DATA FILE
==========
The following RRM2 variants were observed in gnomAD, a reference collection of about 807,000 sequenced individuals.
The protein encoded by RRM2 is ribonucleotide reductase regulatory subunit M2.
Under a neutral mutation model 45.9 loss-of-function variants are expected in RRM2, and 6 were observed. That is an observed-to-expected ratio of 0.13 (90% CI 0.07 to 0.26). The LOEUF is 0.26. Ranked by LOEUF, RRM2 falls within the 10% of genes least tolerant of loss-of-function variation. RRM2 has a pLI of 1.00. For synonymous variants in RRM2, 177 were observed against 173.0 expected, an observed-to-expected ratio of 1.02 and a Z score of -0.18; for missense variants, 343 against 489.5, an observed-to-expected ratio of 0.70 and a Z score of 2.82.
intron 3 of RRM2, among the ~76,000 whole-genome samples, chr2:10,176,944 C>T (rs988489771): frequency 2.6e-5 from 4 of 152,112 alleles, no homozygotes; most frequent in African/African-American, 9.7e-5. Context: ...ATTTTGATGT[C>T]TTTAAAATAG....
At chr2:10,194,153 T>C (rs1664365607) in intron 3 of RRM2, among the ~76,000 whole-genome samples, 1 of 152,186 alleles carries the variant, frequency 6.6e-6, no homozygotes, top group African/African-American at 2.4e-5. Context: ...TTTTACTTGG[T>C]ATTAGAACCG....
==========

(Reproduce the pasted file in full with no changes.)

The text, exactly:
The following RRM2 variants were observed in gnomAD, a reference collection of about 807,000 sequenced individuals.
The protein encoded by RRM2 is ribonucleotide reductase regulatory subunit M2.
Under a neutral mutation model 45.9 loss-of-function variants are expected in RRM2, and 6 were observed. That is an observed-to-expected ratio of 0.13 (90% CI 0.07 to 0.26). The LOEUF is 0.26. Ranked by LOEUF, RRM2 falls within the 10% of genes least tolerant of loss-of-function variation. RRM2 has a pLI of 1.00. For synonymous variants in RRM2, 177 were observed against 173.0 expected, an observed-to-expected ratio of 1.02 and a Z score of -0.18; for missense variants, 343 against 489.5, an observed-to-expected ratio of 0.70 and a Z score of 2.82.
intron 3 of RRM2, among the ~76,000 whole-genome samples, chr2:10,176,944 C>T (rs988489771): frequency 2.6e-5 from 4 of 152,112 alleles, no homozygotes; most frequent in African/African-American, 9.7e-5. Context: ...ATTTTGATGT[C>T]TTTAAAATAG....
At chr2:10,194,153 T>C (rs1664365607) in intron 3 of RRM2, among the ~76,000 whole-genome samples, 1 of 152,186 alleles carries the variant, frequency 6.6e-6, no homozygotes, top group African/African-American at 2.4e-5. Context: ...TTTTACTTGG[T>C]ATTAGAACCG....